•  •  Dark Mode

Your Interests & Preferences

I am a...

law firm lawyer
in-house company lawyer
litigation lawyer
law student
aspiring student

Website Look & Feel

 •  •  Dark Mode
Blog Layout

Save preferences

Wadia Ghandy converts to controversial eat-what-you-kill-style model, as Ashish Ahuja now shares managing partner post

Does eat-what-you-kill yield more meat than hunting in pack?
Does eat-what-you-kill yield more meat than hunting in pack?

Wadia Ghandy has created a joint managing partner post, which managing partner Ashish Ahuja will share with executive committee partner Dhawal Mehta.

Ahuja explained to Legally India that the decision, which was taken around the beginning of this month, was not fundamental, because “we were already working with a committee system”.

The designation of Mehta as joint managing partner, was therefore mostly a recognition of Mehta’s contribution to and interest in management over the last year-and-a-half.

“Dhawal has been playing an active role in management for quite some time now,” said Ahuja. “He has a brilliant mind and some of the best ideas directing the firm emanate from him.”

Some of Mehta’s contributions included in relation to firm growth strategies, recruitment policies, according to Ahuja. “He brought forward ideas that were very very positive, that had blood and life in terms of going forward in the organisation.”

“I'm very happy at the end of the day,” commented Ahuja about how uncommon it was for law firm partners to be interested in taking on law firm management. “At least there is a road that is ahead with someone who is wiling to take it on.”

Mehta could not be reached for comment at the time of going to press.

Update: Mehta said that he would primarily focus on the professional development of the partnership and fee-earners and “cultivate that new breed of lawyers”.

“There’s no strait jacket formula or rocket science in this - turning from real service providers to how lawyers used to practice, to being more [closely and strategically] involved [with clients] in transaction or litigation work, which I primarily do.” Implementing the plan would start in the partnership, said Mehta. “There’s so much of rat race in the profession around billing hours and service and all those things -
we want to go through a lot of discussions, percolate that thought process to all the partners to start with, and through talks and implementation, bringing that to associates.”

Structuring leadership

The firm’s senior partner, Hamid Moochhala, would “mentor” both Ahuja and Mehta and also act as a mediator and casting vote in the case of a deadlock between the two managing partners.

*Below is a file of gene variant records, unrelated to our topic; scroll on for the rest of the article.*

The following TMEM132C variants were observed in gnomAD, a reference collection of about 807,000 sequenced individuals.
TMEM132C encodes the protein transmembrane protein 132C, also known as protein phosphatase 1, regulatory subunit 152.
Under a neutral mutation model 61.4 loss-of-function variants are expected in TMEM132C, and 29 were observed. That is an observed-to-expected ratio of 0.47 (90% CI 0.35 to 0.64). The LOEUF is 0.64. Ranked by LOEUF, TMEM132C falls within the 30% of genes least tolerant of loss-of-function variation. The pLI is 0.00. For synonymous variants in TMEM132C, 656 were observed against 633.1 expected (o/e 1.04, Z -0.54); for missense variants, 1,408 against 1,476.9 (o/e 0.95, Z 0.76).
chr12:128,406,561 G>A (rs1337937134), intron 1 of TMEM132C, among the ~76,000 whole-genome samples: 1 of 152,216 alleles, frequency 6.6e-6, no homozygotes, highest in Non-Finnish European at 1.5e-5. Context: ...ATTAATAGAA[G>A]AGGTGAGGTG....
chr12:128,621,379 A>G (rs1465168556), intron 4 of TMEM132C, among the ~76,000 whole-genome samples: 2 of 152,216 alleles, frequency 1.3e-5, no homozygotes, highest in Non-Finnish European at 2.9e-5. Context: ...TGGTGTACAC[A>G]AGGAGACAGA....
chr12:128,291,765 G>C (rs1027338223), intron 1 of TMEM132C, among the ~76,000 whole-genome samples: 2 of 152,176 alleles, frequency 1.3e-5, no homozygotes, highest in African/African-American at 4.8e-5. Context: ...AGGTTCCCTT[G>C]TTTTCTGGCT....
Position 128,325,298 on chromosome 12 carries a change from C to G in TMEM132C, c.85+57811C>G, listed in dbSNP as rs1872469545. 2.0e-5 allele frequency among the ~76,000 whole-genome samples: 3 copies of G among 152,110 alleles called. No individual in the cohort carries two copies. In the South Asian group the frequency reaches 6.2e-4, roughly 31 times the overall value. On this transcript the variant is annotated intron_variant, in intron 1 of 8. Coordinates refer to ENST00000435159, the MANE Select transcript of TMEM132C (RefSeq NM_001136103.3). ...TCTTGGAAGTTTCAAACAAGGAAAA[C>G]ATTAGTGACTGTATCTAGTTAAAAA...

“Whenever there is a deadlock,” said Ahuja, “we sit together and resolve it. At times I end up giving up, or at other times Dhawal, or we convince each other.”

The firm’s management committee comprising partners Bindi Dave, Marylou Bilawala, Farid Karachiwala and Shabnum Kajiji will continue to “guide us in our thinking and decision making process”, according to Ahuja.

Many of the day-to-day management decisions could be taken independently by the managing partners but some larger decisions were historically a “collaborative” process, with the entire management team, including committee and managing partner, being jointly responsible for all decisions.

Overhauling legacy

“How do you live with legacy over a period of time,” asked Ahuja rhetorically, responding on some of the more unpopular decisions made at the firm in recent years.

The firm has now concluded its process of transitioning towards an eat-what-you-kill style model of partnership, where each partner’s remuneration would depend directly on their own performance.

“The concern at the end of the day is to build a commercially viable organisation where because of inefficiencies of one partner, the rest of the partnership should not suffer,” he explained. “Each partner takes responsibility for his or her own actions, and this does not result in one partner coming into a situation of subsidising someone else.”

While the basics of the new mechanism were in place, time would “mould and mould” it further.

“The fundamental principle has been laid down that there is no subsidy,” he said, though individual partners could still at times be allowed to take commercial risks without necessarily risking their own take-home pay.

“But at the end of the day, your performance should decide what you take.” Apart from pure revenue targets, this would also include other factors such as contributions to business development and education, which could all be counted towards performance on a discretionary basis by the entire management team of eight.

Arresting and accepting change

Ahuja confirmed that the changes in the partnership structures have ruffled feathers. “Whenever there is change, and people don’t move out of the comfort zone that they are in, there’s always an impact of any change. The impact of change pushes people to think,” he said, which might lead some to conclude that they’d have to leave the organisation rather than accept the change.

“That has always been the result of any change [and] it will always be, as far as I see it, a part of the natural corollary of the change that we're trying to bring about. We're always trying to arrest it and talk to people, ‘you should take change in a positive manner’, but each person [is an individual] so he or she may not want to accept it, and we don’t [try to force them].”

Click to show 48 comments
at your own risk
By reading the comments you agree that they are the (often anonymous) personal views and opinions of readers, which may be biased and unreliable, and for which Legally India therefore has no liability. If you believe a comment is inappropriate, please click 'Report to LI' below the comment and we will review it as soon as practicable.